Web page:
This principle shows itself in one-on-one games as well. If one person is getting advice from someone, it is usually a disadvantage because it destroys his Unity of Command. He’s generally better off if he just does the best he can by himself. That way, his opponent will not overhear the plans he is considering (unless his opponent is a mind-reader, in which case a foil-lined helmet is the best defense).

Combined Arms
The Principle of Combined Arms is the idea that the different parts of the force work together to achieve the objective. This can mean having your tanks soften up the enemy troops on the objective, or that your grots soak up fire to protect your boyz. It also means that you shouldn’t make changes to your forces/army list based solely on whether or not a unit made back its point cost. The units do not exist in a vacuum and must work together, so while a unit might not have made back its points (a Vindicator destroyed on the first turn), it still might have been vital to the battle (drawing all that fire that could have been used elsewhere).

The Principle of Offensive is to “Seize, maintain, and exploit the initiative.” This means making your opponent to react to you wherever possible, as opposed to the other way around. It is also why it’s generally a good idea to get the first turn.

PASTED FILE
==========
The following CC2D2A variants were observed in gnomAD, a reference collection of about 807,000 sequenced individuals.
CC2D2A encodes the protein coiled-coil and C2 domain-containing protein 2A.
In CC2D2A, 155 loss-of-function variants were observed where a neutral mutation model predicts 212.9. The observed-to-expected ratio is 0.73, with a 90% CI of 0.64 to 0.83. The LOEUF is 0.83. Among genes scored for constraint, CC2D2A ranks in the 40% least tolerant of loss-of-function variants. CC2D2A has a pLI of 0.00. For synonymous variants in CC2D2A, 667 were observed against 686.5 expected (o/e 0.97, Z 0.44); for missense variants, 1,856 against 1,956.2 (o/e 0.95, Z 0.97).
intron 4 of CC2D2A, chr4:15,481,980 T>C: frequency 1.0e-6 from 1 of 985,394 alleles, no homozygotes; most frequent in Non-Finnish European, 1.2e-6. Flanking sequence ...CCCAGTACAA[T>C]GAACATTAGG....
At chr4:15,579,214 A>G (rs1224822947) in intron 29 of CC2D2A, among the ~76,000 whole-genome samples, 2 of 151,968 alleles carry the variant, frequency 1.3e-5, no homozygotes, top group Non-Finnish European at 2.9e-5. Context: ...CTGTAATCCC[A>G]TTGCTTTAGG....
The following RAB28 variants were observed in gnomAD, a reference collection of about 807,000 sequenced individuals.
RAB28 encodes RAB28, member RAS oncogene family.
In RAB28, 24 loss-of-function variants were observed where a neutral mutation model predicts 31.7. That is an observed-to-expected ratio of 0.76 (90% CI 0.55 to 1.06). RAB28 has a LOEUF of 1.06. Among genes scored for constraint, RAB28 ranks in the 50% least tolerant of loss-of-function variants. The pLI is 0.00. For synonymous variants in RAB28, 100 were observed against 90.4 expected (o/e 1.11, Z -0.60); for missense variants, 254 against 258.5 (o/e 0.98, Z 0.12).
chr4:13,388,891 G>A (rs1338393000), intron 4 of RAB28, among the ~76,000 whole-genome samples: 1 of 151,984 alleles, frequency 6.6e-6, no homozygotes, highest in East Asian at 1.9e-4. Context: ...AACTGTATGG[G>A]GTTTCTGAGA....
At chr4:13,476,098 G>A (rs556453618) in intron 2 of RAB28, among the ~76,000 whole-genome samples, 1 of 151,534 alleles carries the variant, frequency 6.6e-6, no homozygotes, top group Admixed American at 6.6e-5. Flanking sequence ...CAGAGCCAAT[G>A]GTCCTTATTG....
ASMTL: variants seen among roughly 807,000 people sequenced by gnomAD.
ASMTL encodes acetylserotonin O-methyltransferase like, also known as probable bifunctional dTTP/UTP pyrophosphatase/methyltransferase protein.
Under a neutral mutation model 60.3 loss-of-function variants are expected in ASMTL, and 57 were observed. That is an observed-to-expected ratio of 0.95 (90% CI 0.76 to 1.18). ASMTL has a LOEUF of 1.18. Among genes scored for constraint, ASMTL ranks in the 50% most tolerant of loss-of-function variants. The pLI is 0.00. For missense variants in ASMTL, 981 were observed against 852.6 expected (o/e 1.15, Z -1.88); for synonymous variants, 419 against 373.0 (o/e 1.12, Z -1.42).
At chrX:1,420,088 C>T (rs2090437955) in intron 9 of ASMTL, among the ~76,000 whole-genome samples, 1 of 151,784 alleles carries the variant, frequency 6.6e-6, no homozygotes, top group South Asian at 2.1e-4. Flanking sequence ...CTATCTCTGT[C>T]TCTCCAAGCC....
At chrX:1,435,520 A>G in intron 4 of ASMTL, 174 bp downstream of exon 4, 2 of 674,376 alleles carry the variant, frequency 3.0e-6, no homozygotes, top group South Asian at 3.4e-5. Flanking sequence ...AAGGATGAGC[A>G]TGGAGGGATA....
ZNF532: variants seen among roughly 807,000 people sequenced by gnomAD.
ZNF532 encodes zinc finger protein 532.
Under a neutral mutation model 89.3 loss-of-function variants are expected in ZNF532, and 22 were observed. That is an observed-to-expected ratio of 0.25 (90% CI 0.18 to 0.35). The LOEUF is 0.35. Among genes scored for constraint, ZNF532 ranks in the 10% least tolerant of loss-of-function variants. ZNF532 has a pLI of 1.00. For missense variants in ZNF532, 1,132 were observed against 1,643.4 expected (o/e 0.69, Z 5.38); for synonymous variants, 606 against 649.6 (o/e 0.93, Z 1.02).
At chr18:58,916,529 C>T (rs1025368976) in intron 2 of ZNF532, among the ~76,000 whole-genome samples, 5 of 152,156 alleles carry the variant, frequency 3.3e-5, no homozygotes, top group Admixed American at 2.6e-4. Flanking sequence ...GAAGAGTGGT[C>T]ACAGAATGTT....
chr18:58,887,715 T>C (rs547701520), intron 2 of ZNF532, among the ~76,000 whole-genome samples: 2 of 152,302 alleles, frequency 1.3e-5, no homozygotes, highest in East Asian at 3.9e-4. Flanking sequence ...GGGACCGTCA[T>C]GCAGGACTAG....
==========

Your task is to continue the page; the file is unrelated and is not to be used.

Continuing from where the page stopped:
If you’re defending, you can still use this principle, though not by launching an all-out attack. You should have a group of mobile troops in reserve and launch a spoiling attack/sortie to disrupt your opponents plan. Even though defense is the stronger position (see below) in 40K, you’ll generally lose if you sit there like a bump on a log.
A word on offense vs. defense: Defense is very often the stronger position. In 40K, this is shown by the benefits of a defender. If you’re in cover you strike first. If you’re sitting there defending, you’re not moving and get to fire all your weapons, etc. By attacking though, you can gain the upper hand. By giving your troops frag grenades (or the alien equivalent) you even the odds in close combat. By choosing where, when, and how to attack your opponent, you can really control a game and reduce the advantage of the defender.

A large part of seizing the initiative is the skillful maneuvering of troops into positions where your opponent must do deal with them. So always try to maneuver your troops into the best position and put the enemy at a disadvantage. Granted this is generally more important in Fantasy, but it has its applications in 40K. If you have more movement than you need, use it. Get in behind your opponent, hem him in, and try to cut off his line of retreat and destroy his units when they fall back. It’s a cheap way to destroy your opponent’s units. This also has applications for defensive armies. You should maneuver your troops to the best positions (in cover or behind it), as well as positioning strong reserves to deal with breakthroughs.